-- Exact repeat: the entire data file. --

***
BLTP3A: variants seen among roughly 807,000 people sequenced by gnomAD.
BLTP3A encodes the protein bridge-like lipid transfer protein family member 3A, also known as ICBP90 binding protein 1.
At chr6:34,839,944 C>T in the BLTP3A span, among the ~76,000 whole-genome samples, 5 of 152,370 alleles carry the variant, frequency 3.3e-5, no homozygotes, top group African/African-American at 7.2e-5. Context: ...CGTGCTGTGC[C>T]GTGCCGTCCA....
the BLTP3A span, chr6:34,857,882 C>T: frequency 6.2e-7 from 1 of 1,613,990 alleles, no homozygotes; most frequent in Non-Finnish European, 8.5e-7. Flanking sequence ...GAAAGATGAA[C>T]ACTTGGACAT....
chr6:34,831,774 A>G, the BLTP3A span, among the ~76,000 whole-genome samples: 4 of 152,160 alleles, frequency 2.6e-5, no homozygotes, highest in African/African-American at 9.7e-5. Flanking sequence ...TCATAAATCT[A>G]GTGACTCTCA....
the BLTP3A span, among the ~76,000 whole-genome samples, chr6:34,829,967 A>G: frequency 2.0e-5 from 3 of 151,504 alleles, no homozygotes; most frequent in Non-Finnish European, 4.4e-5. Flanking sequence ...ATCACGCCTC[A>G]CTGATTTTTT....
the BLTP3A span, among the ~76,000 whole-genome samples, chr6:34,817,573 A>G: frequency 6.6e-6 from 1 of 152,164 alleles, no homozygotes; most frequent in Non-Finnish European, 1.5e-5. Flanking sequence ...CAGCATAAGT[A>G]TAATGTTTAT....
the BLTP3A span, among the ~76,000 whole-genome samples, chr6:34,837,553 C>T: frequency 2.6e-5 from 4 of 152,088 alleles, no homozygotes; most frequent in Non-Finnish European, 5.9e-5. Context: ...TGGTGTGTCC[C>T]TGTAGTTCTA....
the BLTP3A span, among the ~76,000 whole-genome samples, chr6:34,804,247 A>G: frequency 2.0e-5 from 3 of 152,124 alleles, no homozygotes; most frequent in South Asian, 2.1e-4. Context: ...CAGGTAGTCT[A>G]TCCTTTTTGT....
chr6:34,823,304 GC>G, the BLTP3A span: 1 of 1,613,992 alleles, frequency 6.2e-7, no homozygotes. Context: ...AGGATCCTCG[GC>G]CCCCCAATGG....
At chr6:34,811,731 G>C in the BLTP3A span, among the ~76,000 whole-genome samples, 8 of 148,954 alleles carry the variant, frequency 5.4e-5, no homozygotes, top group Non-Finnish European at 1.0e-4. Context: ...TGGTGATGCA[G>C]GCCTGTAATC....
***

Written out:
BLTP3A: variants seen among roughly 807,000 people sequenced by gnomAD.
BLTP3A encodes the protein bridge-like lipid transfer protein family member 3A, also known as ICBP90 binding protein 1.
At chr6:34,839,944 C>T in the BLTP3A span, among the ~76,000 whole-genome samples, 5 of 152,370 alleles carry the variant, frequency 3.3e-5, no homozygotes, top group African/African-American at 7.2e-5. Context: ...CGTGCTGTGC[C>T]GTGCCGTCCA....
the BLTP3A span, chr6:34,857,882 C>T: frequency 6.2e-7 from 1 of 1,613,990 alleles, no homozygotes; most frequent in Non-Finnish European, 8.5e-7. Flanking sequence ...GAAAGATGAA[C>T]ACTTGGACAT....
chr6:34,831,774 A>G, the BLTP3A span, among the ~76,000 whole-genome samples: 4 of 152,160 alleles, frequency 2.6e-5, no homozygotes, highest in African/African-American at 9.7e-5. Flanking sequence ...TCATAAATCT[A>G]GTGACTCTCA....
the BLTP3A span, among the ~76,000 whole-genome samples, chr6:34,829,967 A>G: frequency 2.0e-5 from 3 of 151,504 alleles, no homozygotes; most frequent in Non-Finnish European, 4.4e-5. Flanking sequence ...ATCACGCCTC[A>G]CTGATTTTTT....
the BLTP3A span, among the ~76,000 whole-genome samples, chr6:34,817,573 A>G: frequency 6.6e-6 from 1 of 152,164 alleles, no homozygotes; most frequent in Non-Finnish European, 1.5e-5. Flanking sequence ...CAGCATAAGT[A>G]TAATGTTTAT....
the BLTP3A span, among the ~76,000 whole-genome samples, chr6:34,837,553 C>T: frequency 2.6e-5 from 4 of 152,088 alleles, no homozygotes; most frequent in Non-Finnish European, 5.9e-5. Context: ...TGGTGTGTCC[C>T]TGTAGTTCTA....
the BLTP3A span, among the ~76,000 whole-genome samples, chr6:34,804,247 A>G: frequency 2.0e-5 from 3 of 152,124 alleles, no homozygotes; most frequent in South Asian, 2.1e-4. Context: ...CAGGTAGTCT[A>G]TCCTTTTTGT....
chr6:34,823,304 GC>G, the BLTP3A span: 1 of 1,613,992 alleles, frequency 6.2e-7, no homozygotes. Context: ...AGGATCCTCG[GC>G]CCCCCAATGG....
At chr6:34,811,731 G>C in the BLTP3A span, among the ~76,000 whole-genome samples, 8 of 148,954 alleles carry the variant, frequency 5.4e-5, no homozygotes, top group Non-Finnish European at 1.0e-4. Context: ...TGGTGATGCA[G>C]GCCTGTAATC....